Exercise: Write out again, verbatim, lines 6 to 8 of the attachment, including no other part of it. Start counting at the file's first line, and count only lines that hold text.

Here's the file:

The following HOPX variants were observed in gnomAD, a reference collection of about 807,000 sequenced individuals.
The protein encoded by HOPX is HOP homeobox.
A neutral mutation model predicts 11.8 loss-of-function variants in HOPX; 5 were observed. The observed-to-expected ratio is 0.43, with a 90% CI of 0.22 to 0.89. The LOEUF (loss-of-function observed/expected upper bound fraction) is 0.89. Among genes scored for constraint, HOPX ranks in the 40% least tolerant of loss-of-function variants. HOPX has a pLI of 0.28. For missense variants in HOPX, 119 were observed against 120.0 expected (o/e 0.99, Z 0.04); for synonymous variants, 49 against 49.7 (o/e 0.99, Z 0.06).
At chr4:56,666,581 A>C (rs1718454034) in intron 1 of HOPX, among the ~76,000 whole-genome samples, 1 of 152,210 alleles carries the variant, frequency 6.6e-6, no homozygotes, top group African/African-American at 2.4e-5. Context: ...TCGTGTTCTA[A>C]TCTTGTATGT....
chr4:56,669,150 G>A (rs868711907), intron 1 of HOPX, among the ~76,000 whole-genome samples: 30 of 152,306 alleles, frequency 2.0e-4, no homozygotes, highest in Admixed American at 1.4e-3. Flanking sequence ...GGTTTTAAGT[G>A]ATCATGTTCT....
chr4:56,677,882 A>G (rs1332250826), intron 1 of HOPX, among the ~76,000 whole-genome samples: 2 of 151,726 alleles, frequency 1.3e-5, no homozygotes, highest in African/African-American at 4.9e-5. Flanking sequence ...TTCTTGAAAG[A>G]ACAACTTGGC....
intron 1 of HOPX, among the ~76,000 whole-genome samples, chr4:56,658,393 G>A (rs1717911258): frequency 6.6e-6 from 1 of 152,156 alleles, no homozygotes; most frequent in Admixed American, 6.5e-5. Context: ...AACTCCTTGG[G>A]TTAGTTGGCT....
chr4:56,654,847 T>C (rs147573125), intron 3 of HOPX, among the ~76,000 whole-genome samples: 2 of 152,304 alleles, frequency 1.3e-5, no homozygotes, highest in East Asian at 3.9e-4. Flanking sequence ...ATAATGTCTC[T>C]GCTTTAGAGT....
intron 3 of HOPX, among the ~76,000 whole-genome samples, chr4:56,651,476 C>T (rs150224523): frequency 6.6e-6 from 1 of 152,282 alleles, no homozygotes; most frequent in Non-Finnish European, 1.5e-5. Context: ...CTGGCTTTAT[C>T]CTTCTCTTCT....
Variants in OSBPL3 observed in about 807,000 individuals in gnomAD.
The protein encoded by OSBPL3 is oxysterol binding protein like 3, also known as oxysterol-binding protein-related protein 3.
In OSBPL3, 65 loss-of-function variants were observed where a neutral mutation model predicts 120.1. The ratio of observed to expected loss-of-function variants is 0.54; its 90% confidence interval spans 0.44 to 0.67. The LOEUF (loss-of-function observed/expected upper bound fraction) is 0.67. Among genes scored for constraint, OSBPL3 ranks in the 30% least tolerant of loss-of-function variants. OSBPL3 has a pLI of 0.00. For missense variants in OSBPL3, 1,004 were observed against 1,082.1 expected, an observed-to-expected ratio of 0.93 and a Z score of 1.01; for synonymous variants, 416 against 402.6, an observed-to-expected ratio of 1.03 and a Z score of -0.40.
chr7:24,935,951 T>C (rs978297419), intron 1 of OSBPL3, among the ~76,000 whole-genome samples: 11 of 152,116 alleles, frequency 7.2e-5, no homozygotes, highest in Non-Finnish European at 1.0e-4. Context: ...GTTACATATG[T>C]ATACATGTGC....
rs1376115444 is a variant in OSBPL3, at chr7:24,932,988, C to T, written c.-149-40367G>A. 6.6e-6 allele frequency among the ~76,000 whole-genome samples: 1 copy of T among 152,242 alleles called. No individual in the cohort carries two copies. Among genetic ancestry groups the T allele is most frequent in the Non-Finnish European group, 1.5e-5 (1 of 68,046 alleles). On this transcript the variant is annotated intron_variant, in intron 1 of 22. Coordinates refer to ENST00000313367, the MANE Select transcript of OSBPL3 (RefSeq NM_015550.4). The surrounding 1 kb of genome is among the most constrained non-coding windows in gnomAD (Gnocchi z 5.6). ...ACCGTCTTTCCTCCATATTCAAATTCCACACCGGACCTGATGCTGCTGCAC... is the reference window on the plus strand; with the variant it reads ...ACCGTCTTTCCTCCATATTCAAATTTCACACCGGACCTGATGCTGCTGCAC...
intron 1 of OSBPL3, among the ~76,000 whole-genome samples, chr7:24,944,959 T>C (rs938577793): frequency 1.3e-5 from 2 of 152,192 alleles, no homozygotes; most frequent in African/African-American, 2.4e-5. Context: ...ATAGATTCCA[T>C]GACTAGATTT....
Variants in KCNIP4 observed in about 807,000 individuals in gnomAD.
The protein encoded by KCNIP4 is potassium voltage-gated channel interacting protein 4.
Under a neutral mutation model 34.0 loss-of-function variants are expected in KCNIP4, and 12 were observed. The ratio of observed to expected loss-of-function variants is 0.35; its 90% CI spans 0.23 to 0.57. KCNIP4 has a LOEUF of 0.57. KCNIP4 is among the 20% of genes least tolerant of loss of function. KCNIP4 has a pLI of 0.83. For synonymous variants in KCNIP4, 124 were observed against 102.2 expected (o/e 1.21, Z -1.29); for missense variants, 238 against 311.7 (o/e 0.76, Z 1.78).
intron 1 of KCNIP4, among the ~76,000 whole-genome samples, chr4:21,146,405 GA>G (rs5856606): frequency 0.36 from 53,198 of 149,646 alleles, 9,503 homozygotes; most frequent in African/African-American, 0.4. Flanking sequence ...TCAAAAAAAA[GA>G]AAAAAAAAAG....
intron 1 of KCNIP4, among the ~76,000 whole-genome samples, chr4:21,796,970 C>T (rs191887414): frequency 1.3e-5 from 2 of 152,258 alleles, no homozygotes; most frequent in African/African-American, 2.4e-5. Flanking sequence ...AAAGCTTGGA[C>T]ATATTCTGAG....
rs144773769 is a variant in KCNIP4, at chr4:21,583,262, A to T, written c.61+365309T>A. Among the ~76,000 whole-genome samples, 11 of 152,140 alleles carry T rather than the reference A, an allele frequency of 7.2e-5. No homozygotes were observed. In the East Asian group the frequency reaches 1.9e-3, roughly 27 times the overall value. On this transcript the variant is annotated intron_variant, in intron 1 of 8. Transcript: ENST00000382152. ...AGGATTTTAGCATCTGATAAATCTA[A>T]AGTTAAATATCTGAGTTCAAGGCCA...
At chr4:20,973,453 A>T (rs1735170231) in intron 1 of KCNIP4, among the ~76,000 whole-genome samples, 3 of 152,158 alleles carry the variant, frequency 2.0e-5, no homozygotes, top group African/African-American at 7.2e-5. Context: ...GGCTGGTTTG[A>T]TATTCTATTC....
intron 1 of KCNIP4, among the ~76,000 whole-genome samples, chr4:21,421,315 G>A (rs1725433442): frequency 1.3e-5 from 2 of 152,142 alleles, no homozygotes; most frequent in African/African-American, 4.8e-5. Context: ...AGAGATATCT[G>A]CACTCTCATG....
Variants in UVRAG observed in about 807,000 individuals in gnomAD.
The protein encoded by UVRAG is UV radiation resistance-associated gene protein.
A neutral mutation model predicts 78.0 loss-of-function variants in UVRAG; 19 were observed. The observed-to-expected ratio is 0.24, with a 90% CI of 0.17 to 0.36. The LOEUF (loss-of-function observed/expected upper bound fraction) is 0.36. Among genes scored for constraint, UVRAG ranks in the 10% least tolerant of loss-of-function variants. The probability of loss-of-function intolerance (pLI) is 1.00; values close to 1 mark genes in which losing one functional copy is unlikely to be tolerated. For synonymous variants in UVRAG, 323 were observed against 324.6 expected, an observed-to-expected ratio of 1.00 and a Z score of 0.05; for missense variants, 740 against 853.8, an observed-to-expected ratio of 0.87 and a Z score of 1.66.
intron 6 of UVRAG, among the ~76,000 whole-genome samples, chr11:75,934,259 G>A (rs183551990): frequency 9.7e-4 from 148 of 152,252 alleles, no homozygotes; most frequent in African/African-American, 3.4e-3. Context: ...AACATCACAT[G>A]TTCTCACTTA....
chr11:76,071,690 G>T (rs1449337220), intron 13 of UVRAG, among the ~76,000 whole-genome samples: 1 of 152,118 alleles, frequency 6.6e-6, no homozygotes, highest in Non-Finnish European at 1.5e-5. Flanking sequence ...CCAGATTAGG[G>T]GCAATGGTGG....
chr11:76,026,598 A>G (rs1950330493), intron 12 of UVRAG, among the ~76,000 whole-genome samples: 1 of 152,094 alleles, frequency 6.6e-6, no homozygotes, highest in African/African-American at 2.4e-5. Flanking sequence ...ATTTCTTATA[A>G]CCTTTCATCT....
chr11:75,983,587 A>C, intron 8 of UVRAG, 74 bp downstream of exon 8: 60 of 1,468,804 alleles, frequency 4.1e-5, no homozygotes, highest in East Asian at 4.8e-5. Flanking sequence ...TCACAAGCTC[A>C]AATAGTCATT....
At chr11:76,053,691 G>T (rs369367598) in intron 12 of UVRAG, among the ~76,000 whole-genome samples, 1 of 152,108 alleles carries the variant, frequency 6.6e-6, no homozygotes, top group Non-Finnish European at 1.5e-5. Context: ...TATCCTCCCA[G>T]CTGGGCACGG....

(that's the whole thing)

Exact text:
chr4:56,677,882 A>G (rs1332250826), intron 1 of HOPX, among the ~76,000 whole-genome samples: 2 of 151,726 alleles, frequency 1.3e-5, no homozygotes, highest in African/African-American at 4.9e-5. Flanking sequence ...TTCTTGAAAG[A>G]ACAACTTGGC....
intron 1 of HOPX, among the ~76,000 whole-genome samples, chr4:56,658,393 G>A (rs1717911258): frequency 6.6e-6 from 1 of 152,156 alleles, no homozygotes; most frequent in Admixed American, 6.5e-5. Context: ...AACTCCTTGG[G>A]TTAGTTGGCT....
chr4:56,654,847 T>C (rs147573125), intron 3 of HOPX, among the ~76,000 whole-genome samples: 2 of 152,304 alleles, frequency 1.3e-5, no homozygotes, highest in East Asian at 3.9e-4. Flanking sequence ...ATAATGTCTC[T>C]GCTTTAGAGT....